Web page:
Sometimes it’s just the little moments away from the stage that one appreciates the most.
Last night had been a long rehearsal for me. I do a hard workout 5-6 days a week and last night was the day for my absolute hardest workout. Combine that with a long day at the office and just enough time to shower and eat a salad after the workout and you’ve got yourself one weary consulting thespian.
I’m a very active person. On a physical level, I’m on the go a lot and I like to do things and have adventures (hence, my love of travel). My mental activity probably outstrips my physical activity because I am almost constantly thinking (which has its highs and its lows). Like Sherlock Holmes, doing nothing wears me out more than doing something.
As my friends will gladly testify, I am usually not much of a night owl. They usually know when I’m working on a show because I will sometimes doze off because I work sunup to sundown. It also happens when I’m doing a passive activity like watching TV. As long as my brain is engaged, I can be capable of staying up into the wee hours of the morning. If I’m doing nothing, my body’s response is, “Ah, to heck with this. Lights out!!!”
After the heavy workout and then just sitting and observing the cast work, I was starting to feel a little sleepy towards the end of rehearsal. Then the actors decided they wanted to run the act from the top which meant I had to leap into action as one of our actors was not called last night. It was like a switch had turned on in my mind and I instantly became alert. But I was so stiff from my workout that I simply read the lines from where I sat.
When we finished for the night, I was ready to head for home and read a little before turning in, but our Bogle (Bill Grennan) decided he wanted a glass of wine and asked me if I’d join him. I decided, “Why not?”
And I was glad I made the choice because it’s the little moments spent away from the stage with your acting family that really builds the camaraderie, friendships, and, dare I say, a stronger show.
I’ve been friends with Bill since that wonderful experience with Biloxi Blues, but I think this is the first time we’ve ever really been able to talk and I was amazed to discover just how much we had in common.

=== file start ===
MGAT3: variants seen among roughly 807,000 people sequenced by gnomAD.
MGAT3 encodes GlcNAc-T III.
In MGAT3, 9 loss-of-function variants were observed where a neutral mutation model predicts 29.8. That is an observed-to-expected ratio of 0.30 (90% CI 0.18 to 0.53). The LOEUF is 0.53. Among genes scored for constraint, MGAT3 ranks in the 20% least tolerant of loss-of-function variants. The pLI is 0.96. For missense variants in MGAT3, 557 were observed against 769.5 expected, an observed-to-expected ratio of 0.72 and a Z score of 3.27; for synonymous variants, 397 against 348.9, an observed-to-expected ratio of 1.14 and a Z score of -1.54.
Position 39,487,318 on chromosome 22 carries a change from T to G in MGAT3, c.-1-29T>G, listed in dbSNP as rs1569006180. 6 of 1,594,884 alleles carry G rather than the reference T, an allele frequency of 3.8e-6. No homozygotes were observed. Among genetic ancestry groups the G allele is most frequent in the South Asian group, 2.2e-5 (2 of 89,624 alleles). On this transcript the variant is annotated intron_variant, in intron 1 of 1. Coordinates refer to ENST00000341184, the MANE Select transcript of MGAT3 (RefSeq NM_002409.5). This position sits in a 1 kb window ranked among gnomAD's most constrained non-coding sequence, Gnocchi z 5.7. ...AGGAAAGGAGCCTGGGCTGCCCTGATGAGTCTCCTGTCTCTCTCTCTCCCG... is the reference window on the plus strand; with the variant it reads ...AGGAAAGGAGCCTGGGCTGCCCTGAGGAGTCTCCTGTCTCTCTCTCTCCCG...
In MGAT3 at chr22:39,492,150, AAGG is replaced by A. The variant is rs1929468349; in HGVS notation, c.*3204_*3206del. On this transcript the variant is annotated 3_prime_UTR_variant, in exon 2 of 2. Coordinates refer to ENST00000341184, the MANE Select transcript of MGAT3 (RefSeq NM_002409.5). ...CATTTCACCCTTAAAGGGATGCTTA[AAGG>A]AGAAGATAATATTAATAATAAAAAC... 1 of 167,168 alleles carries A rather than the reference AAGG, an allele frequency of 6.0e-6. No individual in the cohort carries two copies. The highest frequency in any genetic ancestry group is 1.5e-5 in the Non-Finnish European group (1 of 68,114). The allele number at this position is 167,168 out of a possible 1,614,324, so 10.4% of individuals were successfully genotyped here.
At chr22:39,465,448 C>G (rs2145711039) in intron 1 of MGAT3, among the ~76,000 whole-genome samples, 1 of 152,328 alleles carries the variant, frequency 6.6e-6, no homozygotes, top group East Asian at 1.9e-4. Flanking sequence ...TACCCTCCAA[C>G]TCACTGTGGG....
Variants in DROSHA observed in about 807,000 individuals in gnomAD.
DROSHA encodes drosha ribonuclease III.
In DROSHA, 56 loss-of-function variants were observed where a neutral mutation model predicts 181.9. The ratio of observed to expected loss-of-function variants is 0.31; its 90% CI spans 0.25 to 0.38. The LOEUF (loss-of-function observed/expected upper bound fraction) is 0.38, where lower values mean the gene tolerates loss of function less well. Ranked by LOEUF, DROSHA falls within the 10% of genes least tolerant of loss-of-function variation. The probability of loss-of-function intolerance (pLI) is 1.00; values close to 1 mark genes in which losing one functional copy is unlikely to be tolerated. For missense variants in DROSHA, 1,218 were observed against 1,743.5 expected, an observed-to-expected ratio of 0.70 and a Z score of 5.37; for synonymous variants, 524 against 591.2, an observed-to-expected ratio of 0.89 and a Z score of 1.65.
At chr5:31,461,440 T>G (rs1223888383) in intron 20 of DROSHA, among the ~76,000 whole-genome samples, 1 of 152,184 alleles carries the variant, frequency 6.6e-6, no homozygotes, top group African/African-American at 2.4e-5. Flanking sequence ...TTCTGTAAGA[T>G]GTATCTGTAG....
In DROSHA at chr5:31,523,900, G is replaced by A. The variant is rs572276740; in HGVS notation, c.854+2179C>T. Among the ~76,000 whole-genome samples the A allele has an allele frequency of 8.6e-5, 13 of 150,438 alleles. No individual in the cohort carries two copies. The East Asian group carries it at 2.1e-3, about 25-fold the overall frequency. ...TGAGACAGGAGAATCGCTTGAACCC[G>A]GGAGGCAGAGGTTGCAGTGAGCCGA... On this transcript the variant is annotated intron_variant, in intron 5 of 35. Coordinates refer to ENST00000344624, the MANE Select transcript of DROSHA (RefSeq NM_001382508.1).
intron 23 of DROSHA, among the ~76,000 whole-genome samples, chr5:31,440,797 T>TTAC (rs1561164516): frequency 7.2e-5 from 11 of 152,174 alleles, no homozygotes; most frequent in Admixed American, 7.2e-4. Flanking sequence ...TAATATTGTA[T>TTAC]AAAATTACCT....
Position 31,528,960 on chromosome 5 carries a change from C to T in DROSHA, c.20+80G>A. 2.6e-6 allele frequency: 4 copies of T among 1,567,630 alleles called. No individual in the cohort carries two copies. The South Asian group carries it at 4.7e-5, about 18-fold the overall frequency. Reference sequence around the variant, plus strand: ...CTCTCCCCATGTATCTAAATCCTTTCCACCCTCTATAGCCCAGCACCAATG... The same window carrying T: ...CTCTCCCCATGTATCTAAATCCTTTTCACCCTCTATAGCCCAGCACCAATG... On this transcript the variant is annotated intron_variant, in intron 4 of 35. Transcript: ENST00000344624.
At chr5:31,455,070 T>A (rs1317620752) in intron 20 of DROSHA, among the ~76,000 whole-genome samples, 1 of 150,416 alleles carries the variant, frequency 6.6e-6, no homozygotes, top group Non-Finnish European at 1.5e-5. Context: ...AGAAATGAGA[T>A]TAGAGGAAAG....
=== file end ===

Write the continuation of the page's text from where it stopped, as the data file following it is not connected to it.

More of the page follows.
Bill and I actually have similar ideas when it comes to acting and interpretation. We actually share nearly identical views on the characterization of the Bogle, although Bill admits that he hasn’t quite found him yet. I think he’s a lot closer than he realizes as he’s made some really great discoveries. But I do understand the challenge in discovering the character. There is nothing quite as sweet as the moment when the character reveals himself to me and that’s when the real excitement of acting begins.
We discussed our experiences in The 39 Steps for him and Leaving Iowa for me and I was able to share what a transformative and relieving experience that show was for me. I was surprised to discover that Bill related a bit better than I thought. Like myself, he had experienced a long drought at the beginning of his career.
Bill began auditioning at the age of 14 and did not get cast until he finally gained a bit part towards the end of his high school career. From there he finally graduated to better roles in college and then to the success he’s enjoyed on the community theatre circuit in recent years. Both of us also credit Susan Clement-Toberer with giving us that first really big breakthrough role.
He also managed to make me feel better about my audition for Every Christmas Story Ever Told a few years back. As my regular readers know, I was the only person to audition for that show on the first night of auditions and I had long feared that I had literally lost to nobody. Bill told me he had auditioned with a few other people on the second night and I felt immensely better because I had at least lost to flesh and blood opponents.
Bill did think losing to air was hilarious and encouraged me to write a comedic monologue about that idea because it would be “comedic gold” as he stated. I just may accept that challenge.
But it’s really the simple moments like those that add to the magic of the theatre experience. Rediscovering that last night has made this whole experience as the show’s consulting thespian worthwhile indeed.